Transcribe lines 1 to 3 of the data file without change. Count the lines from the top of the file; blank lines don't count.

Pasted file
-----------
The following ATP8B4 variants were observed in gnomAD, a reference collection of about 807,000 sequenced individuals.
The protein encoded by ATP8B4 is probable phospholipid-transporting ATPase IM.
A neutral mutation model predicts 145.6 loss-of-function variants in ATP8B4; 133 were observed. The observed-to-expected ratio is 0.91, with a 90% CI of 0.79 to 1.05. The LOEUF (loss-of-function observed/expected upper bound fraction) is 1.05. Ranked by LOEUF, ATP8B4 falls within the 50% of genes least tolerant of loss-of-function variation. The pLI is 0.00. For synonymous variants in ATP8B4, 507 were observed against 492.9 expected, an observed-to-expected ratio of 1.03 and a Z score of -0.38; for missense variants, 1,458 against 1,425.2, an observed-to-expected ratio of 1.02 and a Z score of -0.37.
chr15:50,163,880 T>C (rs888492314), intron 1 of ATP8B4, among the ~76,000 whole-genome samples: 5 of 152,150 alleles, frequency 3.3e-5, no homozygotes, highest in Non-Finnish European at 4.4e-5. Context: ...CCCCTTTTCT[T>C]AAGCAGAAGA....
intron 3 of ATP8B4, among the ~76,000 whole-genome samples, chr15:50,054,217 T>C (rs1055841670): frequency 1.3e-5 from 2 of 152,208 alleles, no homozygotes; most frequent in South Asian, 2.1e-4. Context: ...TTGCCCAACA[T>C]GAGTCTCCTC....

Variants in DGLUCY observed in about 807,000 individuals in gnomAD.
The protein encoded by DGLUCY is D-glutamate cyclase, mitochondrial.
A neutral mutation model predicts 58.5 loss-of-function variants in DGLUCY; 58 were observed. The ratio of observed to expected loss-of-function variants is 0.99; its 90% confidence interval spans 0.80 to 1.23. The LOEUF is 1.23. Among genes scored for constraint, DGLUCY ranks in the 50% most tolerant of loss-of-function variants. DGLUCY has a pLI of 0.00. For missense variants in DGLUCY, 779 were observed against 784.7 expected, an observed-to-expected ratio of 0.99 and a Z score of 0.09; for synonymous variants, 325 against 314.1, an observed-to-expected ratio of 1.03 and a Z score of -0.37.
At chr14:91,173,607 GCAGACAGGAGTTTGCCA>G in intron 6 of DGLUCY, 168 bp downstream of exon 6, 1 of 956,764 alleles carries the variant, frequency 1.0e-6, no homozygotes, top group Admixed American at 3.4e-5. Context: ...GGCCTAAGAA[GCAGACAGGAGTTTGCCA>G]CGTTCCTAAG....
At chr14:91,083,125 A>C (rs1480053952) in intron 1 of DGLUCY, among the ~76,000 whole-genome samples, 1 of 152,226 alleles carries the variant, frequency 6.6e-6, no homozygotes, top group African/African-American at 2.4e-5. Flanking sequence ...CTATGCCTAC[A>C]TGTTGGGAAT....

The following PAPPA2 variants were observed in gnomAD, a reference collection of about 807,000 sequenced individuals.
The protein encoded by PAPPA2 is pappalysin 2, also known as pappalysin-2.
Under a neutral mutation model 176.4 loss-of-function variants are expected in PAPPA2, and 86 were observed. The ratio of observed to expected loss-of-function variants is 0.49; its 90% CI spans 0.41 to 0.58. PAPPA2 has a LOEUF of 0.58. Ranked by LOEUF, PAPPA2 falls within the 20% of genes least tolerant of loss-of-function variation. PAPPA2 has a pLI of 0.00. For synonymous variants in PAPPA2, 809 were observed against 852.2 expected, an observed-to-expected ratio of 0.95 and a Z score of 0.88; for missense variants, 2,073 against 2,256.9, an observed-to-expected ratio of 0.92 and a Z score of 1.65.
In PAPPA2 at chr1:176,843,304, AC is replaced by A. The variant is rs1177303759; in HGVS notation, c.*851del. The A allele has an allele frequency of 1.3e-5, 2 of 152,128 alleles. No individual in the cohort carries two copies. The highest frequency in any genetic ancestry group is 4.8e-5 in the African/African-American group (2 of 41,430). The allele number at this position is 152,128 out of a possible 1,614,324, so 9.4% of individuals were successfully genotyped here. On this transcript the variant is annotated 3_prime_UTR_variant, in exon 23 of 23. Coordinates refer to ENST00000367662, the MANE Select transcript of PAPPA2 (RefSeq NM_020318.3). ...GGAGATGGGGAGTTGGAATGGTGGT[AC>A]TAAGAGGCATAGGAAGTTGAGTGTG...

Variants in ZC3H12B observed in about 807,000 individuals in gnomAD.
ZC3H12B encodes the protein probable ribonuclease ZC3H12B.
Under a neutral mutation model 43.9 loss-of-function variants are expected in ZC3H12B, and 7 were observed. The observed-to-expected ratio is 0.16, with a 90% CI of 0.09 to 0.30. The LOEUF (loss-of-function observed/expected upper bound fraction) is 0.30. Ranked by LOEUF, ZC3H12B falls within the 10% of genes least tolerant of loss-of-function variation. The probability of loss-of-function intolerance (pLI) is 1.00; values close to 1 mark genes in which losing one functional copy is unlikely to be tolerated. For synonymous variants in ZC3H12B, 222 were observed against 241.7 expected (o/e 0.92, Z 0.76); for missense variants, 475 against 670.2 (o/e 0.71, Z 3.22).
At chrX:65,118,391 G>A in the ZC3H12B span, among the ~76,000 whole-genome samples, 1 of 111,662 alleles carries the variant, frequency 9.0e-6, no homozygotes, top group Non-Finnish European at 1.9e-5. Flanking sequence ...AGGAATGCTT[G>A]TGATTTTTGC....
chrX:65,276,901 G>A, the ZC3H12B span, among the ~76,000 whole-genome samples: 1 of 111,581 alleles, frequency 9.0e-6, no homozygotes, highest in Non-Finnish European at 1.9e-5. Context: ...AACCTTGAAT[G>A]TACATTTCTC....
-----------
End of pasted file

The following ATP8B4 variants were observed in gnomAD, a reference collection of about 807,000 sequenced individuals.
The protein encoded by ATP8B4 is probable phospholipid-transporting ATPase IM.
A neutral mutation model predicts 145.6 loss-of-function variants in ATP8B4; 133 were observed. The observed-to-expected ratio is 0.91, with a 90% CI of 0.79 to 1.05. The LOEUF (loss-of-function observed/expected upper bound fraction) is 1.05. Ranked by LOEUF, ATP8B4 falls within the 50% of genes least tolerant of loss-of-function variation. The pLI is 0.00. For synonymous variants in ATP8B4, 507 were observed against 492.9 expected, an observed-to-expected ratio of 1.03 and a Z score of -0.38; for missense variants, 1,458 against 1,425.2, an observed-to-expected ratio of 1.02 and a Z score of -0.37.